The Nobel Memorial Prize in Economics was awarded to Oliver Williamson and Elinor Ostrom today. Here is a write-up in The New York Times. I got as far as the comma before getting frustrated:
In a departure from prevailing economic theory, ...
There is no nice way to say just how badly this misconstrues the study of economics and its development as a field. Williamson's contributions are now part of the prevailing economic theory. Prior to his work, they were not. He merited the award precisely because of that change. Given the lag between when intellectual contributions are made and when they are recognized by the Nobel, his receipt of the award is not a surprise. Consider the betting pool at Harvard over the weekend, which had Williamson among the favorites.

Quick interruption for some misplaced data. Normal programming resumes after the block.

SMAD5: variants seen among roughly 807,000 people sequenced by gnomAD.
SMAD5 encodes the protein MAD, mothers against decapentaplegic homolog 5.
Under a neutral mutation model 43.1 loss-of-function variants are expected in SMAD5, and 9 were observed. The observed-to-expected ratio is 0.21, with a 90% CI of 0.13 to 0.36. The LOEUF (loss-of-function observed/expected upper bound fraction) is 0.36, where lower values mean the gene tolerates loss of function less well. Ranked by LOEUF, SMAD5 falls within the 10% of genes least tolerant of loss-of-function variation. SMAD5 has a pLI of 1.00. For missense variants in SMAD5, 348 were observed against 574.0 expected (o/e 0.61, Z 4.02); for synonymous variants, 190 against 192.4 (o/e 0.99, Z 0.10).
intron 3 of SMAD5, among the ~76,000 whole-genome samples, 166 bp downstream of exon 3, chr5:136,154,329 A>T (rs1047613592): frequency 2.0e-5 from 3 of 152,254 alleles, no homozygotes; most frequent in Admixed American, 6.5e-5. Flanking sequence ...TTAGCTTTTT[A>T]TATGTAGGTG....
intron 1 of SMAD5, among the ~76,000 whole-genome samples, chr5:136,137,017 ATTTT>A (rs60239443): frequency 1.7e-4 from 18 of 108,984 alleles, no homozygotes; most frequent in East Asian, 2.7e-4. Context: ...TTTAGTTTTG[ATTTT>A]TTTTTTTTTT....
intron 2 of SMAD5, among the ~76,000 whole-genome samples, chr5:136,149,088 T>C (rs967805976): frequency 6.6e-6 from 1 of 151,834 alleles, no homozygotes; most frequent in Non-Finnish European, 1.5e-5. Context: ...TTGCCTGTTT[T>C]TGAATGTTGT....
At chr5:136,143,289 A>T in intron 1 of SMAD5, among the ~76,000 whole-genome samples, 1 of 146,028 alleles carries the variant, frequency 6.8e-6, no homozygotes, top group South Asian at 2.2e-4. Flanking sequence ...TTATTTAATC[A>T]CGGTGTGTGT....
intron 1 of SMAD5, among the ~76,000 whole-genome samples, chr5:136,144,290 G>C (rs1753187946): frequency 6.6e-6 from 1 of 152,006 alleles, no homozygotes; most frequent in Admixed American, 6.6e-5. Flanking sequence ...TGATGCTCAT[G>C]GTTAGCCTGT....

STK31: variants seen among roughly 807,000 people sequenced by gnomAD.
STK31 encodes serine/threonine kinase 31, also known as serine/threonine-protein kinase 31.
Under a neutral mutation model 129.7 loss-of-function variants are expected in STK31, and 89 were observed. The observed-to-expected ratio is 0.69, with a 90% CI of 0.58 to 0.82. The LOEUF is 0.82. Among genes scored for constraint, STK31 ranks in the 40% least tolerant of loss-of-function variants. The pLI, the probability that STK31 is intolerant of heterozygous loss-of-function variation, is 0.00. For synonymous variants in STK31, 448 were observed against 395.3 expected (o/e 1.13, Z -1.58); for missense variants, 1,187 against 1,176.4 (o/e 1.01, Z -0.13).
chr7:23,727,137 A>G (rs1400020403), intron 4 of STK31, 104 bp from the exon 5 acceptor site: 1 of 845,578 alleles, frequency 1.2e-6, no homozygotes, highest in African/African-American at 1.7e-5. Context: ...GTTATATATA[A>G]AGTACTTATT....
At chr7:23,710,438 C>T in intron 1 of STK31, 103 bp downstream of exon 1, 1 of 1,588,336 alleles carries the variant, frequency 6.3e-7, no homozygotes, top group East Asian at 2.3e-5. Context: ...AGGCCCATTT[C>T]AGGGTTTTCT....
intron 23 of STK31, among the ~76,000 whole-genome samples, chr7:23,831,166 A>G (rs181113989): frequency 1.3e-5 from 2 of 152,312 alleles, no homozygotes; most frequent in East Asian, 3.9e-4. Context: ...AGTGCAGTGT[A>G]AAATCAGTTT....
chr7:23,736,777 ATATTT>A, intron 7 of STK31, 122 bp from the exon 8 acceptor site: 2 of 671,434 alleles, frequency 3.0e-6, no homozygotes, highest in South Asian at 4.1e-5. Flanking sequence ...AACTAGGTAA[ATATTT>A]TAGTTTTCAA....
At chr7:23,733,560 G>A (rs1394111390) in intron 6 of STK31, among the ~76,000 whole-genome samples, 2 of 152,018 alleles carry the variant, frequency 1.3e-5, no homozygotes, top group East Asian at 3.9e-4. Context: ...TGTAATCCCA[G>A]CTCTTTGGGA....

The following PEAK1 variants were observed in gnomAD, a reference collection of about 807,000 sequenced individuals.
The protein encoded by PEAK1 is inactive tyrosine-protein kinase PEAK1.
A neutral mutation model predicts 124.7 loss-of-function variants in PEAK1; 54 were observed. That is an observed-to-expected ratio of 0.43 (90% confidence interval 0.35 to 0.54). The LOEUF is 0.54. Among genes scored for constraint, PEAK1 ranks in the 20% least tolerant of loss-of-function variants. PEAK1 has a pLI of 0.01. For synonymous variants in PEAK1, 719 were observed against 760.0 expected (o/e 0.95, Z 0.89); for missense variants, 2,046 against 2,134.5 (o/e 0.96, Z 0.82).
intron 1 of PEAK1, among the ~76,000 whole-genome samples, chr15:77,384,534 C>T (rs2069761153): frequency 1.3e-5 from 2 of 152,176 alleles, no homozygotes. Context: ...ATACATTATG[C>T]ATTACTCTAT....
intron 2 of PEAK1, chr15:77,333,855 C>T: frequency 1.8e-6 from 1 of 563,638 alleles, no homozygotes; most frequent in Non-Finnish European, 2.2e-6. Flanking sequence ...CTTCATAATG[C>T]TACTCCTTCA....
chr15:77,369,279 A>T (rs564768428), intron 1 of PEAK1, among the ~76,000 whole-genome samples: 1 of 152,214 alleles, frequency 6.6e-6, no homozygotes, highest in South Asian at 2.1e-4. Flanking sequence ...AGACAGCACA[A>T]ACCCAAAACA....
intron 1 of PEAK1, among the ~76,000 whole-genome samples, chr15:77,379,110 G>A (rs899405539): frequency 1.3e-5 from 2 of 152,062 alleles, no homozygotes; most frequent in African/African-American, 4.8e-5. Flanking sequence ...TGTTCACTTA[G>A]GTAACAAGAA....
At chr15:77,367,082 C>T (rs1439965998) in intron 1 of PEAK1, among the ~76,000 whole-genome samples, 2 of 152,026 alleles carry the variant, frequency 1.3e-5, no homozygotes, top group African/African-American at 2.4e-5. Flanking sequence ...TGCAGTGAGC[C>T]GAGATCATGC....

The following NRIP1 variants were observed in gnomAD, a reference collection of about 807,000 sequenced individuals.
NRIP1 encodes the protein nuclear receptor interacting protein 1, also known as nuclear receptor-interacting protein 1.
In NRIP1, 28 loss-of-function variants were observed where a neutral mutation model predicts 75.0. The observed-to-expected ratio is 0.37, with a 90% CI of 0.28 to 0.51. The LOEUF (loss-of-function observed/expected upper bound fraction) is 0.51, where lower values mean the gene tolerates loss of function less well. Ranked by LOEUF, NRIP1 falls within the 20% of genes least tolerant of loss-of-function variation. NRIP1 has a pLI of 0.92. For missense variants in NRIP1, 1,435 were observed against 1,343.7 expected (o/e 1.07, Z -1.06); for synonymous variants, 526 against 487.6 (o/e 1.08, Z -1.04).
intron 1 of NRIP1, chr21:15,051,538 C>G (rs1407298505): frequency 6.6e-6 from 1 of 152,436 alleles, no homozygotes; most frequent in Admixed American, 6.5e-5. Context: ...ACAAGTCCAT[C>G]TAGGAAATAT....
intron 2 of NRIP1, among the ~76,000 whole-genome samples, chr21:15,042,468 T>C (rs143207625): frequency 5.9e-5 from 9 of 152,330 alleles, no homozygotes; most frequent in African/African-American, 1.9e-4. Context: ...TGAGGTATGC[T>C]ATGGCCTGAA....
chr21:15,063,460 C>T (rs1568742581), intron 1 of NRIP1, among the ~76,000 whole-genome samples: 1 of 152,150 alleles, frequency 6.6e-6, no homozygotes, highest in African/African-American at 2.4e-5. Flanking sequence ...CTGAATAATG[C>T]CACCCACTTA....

Michael Spence (h/t Greg Mankiw) has a nice description of how the work of Williamson and Ostrom changed the prevailing economic theory of their day in a piece called "Markets Aren't Everything." Given her training in political science, Ostrom's work is less well known among economists. Here is a nice post at Marginal Revolution and here (h/t Will Wilkinson) is an interview from six years ago in which she and her husband describe their work.